|AMRI CEO William Marth|
Earlier this year, AMRI ($AMRI) paid $110 million for injectable drug specialist Oso Biopharmaceuticals Manufacturing, expecting to make some extra money in its contract manufacturing operations. Instead, a power loss at that company's facility in New Mexico was a big factor in it reporting a loss in the last quarter.
"A weather-related power interruption at our OsoBio facility in Albuquerque took the facility offline for a period of time, contributing to the loss of finished product and the need to remediate one of the suites at the facility," AMRI CEO William S. Marth, said as the company reported an $8.6 million Q3 loss. "Costs associated with this activity--together with facility downtime--increased our operating costs and contributed to the quarterly earnings loss."
There were other issues also playing into the loss, Marth said, like lower active pharmaceutical ingredient sales.
When AMRI completed the OsoBio buyout in July, it said it had expected the deal to add to its contract work and so its earnings this year. The acquisition of OsoBio was its second this year. In February it paid $41 million for contract manufacturer Cedarburg Pharmaceuticals. The deals were key to AMRI's plan to move past its reliance on royalties tied largely to Sanofi's ($SNY) Allegra, and build its strength in manufacturing.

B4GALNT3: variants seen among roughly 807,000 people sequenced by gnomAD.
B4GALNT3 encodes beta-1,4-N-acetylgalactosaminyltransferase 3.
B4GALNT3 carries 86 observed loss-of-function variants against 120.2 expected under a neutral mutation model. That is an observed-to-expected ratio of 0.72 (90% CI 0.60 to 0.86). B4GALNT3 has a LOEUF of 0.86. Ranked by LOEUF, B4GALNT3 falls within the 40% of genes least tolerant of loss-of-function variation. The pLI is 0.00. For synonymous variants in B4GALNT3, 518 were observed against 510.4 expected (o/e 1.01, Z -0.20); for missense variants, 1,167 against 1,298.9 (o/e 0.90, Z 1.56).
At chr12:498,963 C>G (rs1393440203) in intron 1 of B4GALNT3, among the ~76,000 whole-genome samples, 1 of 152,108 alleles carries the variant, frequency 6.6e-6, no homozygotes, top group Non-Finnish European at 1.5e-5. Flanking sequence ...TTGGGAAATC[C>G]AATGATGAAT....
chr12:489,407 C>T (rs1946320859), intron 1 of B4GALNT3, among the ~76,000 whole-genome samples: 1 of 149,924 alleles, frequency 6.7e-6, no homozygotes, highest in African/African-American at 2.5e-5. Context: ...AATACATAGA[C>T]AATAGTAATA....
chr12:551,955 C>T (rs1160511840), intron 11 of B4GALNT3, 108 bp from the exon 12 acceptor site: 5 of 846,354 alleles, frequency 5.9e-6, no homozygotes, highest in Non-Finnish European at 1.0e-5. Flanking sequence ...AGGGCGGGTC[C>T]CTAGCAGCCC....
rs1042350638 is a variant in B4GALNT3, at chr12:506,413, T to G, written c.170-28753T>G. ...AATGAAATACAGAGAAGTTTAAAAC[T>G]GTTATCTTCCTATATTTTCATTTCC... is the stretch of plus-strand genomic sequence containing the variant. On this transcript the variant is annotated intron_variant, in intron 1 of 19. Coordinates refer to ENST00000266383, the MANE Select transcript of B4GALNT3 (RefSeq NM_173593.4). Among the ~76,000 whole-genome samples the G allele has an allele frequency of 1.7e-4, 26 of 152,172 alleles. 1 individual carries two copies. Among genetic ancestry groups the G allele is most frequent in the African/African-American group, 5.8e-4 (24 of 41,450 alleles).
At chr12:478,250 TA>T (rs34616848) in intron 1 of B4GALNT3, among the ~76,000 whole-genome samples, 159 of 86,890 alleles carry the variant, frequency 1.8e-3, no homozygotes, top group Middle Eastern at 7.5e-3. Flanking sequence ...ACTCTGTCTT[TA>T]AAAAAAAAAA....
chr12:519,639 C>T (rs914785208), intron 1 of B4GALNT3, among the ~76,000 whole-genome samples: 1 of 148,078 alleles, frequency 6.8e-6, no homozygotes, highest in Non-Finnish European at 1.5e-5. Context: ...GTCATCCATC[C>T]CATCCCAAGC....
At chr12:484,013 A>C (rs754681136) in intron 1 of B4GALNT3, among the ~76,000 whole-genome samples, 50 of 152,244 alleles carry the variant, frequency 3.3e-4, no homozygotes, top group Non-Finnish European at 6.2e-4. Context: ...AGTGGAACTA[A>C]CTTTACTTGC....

AMRI was not the only company to have manufacturing issues related to weather this year. Valeant Pharmaceuticals' ($VRX) Bausch + Lomb division recalled 880,000 tubes of eye ointment that it believed had been frozen during delivery last winter, causing consumers to complain about grittiness in the products.
- here's the release